"The Band" was an influential Canadian-American rock and roll group of the 1960s and 1970s.
The members of The Band first worked together as "The Hawks", the backing band of rockabilly singer Ronnie Hawkins from 1959 until 1963. Afterwards, Bob Dylan recruited the quintet for his history-making 1965–1966 world tour, and they joined him on the informal recordings that became the acclaimed ''Basement Tapes.''
Dubbed "The Band" by their record company (a name derivative how they were referred to during their tenure with Dylan), the group left the comfort of their communal home in Woodstock to begin recording in their own right. They recorded two of the most important albums of the late 1960s: their 1968 debut ''Music from Big Pink'' (featuring the hit single "The Weight") and 1969's ''The Band.'' These critically praised albums helped conceive country rock as something more than a genre: as a celebration of "Americana." Throughout the psychedelic era, The Band repopularized traditional American musical forms. They broke up in 1976, but reformed in 1983 without founding guitarist and main songwriter Robbie Robertson.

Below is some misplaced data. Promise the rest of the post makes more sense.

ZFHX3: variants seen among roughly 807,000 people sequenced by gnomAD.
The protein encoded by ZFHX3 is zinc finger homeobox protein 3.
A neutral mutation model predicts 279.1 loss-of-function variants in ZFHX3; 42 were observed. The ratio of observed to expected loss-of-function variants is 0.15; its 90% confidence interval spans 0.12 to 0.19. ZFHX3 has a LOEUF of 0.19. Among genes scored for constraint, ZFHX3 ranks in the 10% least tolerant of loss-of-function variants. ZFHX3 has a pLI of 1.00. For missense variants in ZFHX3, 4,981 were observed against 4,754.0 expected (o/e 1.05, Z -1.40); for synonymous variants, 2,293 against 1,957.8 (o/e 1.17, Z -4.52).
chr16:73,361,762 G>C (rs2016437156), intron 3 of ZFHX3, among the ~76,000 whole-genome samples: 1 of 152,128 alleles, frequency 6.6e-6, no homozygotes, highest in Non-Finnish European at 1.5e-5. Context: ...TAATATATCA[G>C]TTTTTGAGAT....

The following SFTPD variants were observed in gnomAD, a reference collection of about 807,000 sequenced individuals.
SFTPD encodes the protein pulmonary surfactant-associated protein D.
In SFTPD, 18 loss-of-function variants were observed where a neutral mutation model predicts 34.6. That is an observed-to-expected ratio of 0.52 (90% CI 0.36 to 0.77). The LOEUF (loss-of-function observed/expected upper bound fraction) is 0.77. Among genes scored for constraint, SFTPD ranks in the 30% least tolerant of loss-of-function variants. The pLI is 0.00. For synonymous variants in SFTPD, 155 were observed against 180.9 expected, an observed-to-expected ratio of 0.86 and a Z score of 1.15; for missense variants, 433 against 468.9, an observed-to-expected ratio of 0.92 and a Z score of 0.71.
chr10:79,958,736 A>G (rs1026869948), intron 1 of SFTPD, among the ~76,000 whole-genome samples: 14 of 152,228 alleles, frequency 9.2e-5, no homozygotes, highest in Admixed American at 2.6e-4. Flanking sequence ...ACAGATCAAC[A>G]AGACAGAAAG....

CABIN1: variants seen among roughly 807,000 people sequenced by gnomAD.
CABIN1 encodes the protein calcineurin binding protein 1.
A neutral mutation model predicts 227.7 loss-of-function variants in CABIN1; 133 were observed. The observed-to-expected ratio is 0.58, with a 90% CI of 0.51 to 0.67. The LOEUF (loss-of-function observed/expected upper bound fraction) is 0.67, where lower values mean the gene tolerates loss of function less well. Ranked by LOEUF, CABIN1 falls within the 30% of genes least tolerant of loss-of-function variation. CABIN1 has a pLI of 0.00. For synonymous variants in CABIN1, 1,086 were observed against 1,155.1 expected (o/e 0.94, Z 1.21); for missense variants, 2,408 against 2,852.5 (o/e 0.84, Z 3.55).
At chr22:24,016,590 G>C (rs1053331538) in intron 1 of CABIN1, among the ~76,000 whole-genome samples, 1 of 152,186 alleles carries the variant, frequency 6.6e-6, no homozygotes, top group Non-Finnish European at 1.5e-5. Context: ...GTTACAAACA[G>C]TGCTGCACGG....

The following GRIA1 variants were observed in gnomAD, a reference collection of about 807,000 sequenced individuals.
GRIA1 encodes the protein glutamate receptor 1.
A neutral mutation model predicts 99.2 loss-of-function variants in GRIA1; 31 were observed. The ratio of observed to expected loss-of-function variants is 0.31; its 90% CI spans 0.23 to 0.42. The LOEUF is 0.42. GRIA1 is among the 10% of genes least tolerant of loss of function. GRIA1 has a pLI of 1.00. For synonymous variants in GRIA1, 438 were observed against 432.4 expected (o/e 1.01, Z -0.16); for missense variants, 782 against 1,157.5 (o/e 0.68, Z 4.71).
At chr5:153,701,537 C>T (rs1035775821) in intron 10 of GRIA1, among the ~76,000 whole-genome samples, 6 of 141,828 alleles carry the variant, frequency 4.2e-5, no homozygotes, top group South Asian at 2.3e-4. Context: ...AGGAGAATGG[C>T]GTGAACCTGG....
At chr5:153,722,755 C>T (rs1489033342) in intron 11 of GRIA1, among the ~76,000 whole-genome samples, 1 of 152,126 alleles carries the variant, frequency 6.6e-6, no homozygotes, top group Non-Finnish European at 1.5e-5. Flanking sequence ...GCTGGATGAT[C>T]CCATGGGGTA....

Although always more popular with music journa...
|years active||1967 in music|
|music genre||Rock and roll|
|current members|| Levon Helm|
Rick Danko (deceased)
Richard Bell (musician)
|past members|| Robbie Robertson|
Richard Manuel (deceased)
Stan Szelest (deceased)